However, if you live overseas as a refugee seeking low paid work and that takes priority in your life over everything else, then hopefully you don’t have children. Because if you do and you attempt to justify a local public school because it’s free, then you’ll be ruining your own child’s life forever.

At a public school your foreign born child will be completely different from all the other children, leaving them isolated and bullied but heck, you get rid of your kid for 8 hours a day! Free baby sitting!

Also, if your kids are below 8 years old when they start this degrading process they’ll soon learn to only speak the foreign language that they use in school, because any other language makes them stand out for ridicule and embarrassment which I promise you, no little kid wants. So soon, always within 2 years of local schooling you won’t be able to communicate with your own child at all, even at home!

There is NO choice of private or public schools for parents who live in a foreign country. If you can’t afford an international school then move back or send your child back to your home country where your child will fit into a free public school setting.

Thousands of parents come to Japan every year, (where I live), to work, and stick their kids into local public schools and lose them forever – Not sometimes but always! This isn’t a matter of a child’s personality, it’s a matter of survival, ALL children will subliminally attempt to become what the other kids are to survive, and will end up with neither family nor national identity. If you live abroad, then send your child to an international school or back home where they fit in. Those are your only two choices.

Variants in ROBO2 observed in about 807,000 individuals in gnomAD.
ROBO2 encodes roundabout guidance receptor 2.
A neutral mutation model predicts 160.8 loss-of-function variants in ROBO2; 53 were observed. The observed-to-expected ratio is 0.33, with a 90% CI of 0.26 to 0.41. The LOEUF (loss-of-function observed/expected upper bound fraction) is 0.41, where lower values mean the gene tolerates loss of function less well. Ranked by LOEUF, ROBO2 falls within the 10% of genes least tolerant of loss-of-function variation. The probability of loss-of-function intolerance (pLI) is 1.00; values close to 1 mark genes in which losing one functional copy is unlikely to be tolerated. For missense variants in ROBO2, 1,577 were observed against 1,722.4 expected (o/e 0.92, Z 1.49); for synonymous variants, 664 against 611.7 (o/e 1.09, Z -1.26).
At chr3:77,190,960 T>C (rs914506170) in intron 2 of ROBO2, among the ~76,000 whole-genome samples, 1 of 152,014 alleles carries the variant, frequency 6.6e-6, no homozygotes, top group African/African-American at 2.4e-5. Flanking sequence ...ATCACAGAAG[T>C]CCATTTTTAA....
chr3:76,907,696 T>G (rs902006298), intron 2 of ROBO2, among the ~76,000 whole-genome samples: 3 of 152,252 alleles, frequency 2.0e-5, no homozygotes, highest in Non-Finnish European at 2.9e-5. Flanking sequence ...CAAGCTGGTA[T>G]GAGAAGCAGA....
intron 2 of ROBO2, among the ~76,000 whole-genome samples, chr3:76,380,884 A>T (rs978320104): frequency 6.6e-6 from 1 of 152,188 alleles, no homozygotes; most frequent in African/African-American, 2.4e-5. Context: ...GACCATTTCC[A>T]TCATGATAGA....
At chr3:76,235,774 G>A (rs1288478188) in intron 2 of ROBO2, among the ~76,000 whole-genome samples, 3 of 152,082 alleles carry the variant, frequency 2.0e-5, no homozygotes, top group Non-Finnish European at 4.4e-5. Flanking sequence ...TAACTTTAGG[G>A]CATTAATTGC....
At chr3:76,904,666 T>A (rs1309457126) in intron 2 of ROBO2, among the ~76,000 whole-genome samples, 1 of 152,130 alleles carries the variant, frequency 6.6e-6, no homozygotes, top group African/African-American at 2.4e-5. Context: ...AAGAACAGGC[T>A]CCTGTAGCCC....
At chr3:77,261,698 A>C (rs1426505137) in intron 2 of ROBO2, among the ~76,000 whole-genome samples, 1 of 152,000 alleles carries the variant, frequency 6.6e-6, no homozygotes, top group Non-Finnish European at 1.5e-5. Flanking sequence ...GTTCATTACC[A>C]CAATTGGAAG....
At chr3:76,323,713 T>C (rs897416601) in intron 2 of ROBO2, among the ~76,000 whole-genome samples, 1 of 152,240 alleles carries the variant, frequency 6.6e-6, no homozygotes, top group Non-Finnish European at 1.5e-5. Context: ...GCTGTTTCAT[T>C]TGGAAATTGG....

My family has set up scholarships here in Tokyo to try to help all these foreign born kids get free tuition to any international schools they live close too. If you’re a foreign parent there is always a way to get your child into one of these amazing schools.

5 Tips for Surviving International School Job Fairs

Attending international school job fairs can be a harrowing experience, but are an efficient strategy to incorporate into your hunt for a teaching job abroad. All international teachers have a few stories to tell about their experiences at these job fairs.

I was sharing job fair stories with a colleague today and I was surprised at his take on the whole process. He nearly made a choice that would have cost him the job that he is currently enjoying here in Thailand.

We were talking about the initial job fair session – the sign up. During the sign up session schools are set up with a desk in one or two rooms at the venue. Teachers then come along and sign up for interviews with the schools that interest them. Depending on which job fair you attend, this can be a real cattle market of pushing and shoving. At the very least it’s going to involve standing in line.